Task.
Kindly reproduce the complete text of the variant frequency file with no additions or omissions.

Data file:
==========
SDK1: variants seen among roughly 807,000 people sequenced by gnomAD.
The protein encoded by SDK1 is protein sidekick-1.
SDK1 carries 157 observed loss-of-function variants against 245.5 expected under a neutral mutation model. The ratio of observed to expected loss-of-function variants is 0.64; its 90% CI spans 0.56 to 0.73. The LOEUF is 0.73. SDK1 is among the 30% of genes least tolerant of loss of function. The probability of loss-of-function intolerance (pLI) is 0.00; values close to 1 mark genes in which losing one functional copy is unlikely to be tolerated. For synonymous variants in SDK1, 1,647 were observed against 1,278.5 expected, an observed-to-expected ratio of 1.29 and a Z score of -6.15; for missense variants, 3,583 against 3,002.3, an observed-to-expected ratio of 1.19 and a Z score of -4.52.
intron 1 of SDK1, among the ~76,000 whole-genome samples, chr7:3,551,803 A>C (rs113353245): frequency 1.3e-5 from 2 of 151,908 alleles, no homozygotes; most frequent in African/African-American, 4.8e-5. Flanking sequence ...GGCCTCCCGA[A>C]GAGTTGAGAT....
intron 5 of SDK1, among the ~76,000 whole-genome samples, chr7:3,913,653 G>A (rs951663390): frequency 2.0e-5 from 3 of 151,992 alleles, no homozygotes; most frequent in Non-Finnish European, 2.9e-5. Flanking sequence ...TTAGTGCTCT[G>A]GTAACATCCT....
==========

SDK1: variants seen among roughly 807,000 people sequenced by gnomAD.
The protein encoded by SDK1 is protein sidekick-1.
SDK1 carries 157 observed loss-of-function variants against 245.5 expected under a neutral mutation model. The ratio of observed to expected loss-of-function variants is 0.64; its 90% CI spans 0.56 to 0.73. The LOEUF is 0.73. SDK1 is among the 30% of genes least tolerant of loss of function. The probability of loss-of-function intolerance (pLI) is 0.00; values close to 1 mark genes in which losing one functional copy is unlikely to be tolerated. For synonymous variants in SDK1, 1,647 were observed against 1,278.5 expected, an observed-to-expected ratio of 1.29 and a Z score of -6.15; for missense variants, 3,583 against 3,002.3, an observed-to-expected ratio of 1.19 and a Z score of -4.52.
intron 1 of SDK1, among the ~76,000 whole-genome samples, chr7:3,551,803 A>C (rs113353245): frequency 1.3e-5 from 2 of 151,908 alleles, no homozygotes; most frequent in African/African-American, 4.8e-5. Flanking sequence ...GGCCTCCCGA[A>C]GAGTTGAGAT....
intron 5 of SDK1, among the ~76,000 whole-genome samples, chr7:3,913,653 G>A (rs951663390): frequency 2.0e-5 from 3 of 151,992 alleles, no homozygotes; most frequent in Non-Finnish European, 2.9e-5. Flanking sequence ...TTAGTGCTCT[G>A]GTAACATCCT....